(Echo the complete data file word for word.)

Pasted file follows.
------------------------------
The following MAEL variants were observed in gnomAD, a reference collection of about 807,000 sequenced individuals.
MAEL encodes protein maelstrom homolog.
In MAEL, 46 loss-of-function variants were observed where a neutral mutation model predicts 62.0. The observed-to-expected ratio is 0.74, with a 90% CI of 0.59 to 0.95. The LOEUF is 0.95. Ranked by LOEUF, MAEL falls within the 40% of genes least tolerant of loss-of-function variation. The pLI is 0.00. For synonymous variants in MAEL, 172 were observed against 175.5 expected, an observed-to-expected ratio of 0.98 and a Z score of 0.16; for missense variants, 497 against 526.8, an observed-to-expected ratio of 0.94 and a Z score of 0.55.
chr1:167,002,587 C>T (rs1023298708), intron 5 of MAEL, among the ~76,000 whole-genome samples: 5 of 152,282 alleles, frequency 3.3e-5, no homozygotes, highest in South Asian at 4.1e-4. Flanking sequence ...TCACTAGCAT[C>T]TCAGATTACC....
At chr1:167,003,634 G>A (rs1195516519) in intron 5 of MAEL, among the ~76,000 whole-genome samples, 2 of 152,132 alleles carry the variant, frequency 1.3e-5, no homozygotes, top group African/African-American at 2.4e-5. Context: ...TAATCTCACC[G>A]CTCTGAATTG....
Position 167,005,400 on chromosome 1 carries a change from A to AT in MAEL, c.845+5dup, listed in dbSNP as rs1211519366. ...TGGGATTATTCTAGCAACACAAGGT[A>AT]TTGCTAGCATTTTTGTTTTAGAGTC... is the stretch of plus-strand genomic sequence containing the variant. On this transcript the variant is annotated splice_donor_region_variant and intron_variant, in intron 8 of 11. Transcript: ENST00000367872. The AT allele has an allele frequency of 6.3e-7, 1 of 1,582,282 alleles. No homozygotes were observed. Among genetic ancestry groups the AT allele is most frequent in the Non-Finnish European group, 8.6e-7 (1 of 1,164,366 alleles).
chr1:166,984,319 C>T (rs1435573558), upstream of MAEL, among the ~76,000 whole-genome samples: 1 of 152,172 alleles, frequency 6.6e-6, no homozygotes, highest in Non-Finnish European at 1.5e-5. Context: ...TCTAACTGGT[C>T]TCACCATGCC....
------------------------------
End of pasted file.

The following MAEL variants were observed in gnomAD, a reference collection of about 807,000 sequenced individuals.
MAEL encodes protein maelstrom homolog.
In MAEL, 46 loss-of-function variants were observed where a neutral mutation model predicts 62.0. The observed-to-expected ratio is 0.74, with a 90% CI of 0.59 to 0.95. The LOEUF is 0.95. Ranked by LOEUF, MAEL falls within the 40% of genes least tolerant of loss-of-function variation. The pLI is 0.00. For synonymous variants in MAEL, 172 were observed against 175.5 expected, an observed-to-expected ratio of 0.98 and a Z score of 0.16; for missense variants, 497 against 526.8, an observed-to-expected ratio of 0.94 and a Z score of 0.55.
chr1:167,002,587 C>T (rs1023298708), intron 5 of MAEL, among the ~76,000 whole-genome samples: 5 of 152,282 alleles, frequency 3.3e-5, no homozygotes, highest in South Asian at 4.1e-4. Flanking sequence ...TCACTAGCAT[C>T]TCAGATTACC....
At chr1:167,003,634 G>A (rs1195516519) in intron 5 of MAEL, among the ~76,000 whole-genome samples, 2 of 152,132 alleles carry the variant, frequency 1.3e-5, no homozygotes, top group African/African-American at 2.4e-5. Context: ...TAATCTCACC[G>A]CTCTGAATTG....
Position 167,005,400 on chromosome 1 carries a change from A to AT in MAEL, c.845+5dup, listed in dbSNP as rs1211519366. ...TGGGATTATTCTAGCAACACAAGGT[A>AT]TTGCTAGCATTTTTGTTTTAGAGTC... is the stretch of plus-strand genomic sequence containing the variant. On this transcript the variant is annotated splice_donor_region_variant and intron_variant, in intron 8 of 11. Transcript: ENST00000367872. The AT allele has an allele frequency of 6.3e-7, 1 of 1,582,282 alleles. No homozygotes were observed. Among genetic ancestry groups the AT allele is most frequent in the Non-Finnish European group, 8.6e-7 (1 of 1,164,366 alleles).
chr1:166,984,319 C>T (rs1435573558), upstream of MAEL, among the ~76,000 whole-genome samples: 1 of 152,172 alleles, frequency 6.6e-6, no homozygotes, highest in Non-Finnish European at 1.5e-5. Context: ...TCTAACTGGT[C>T]TCACCATGCC....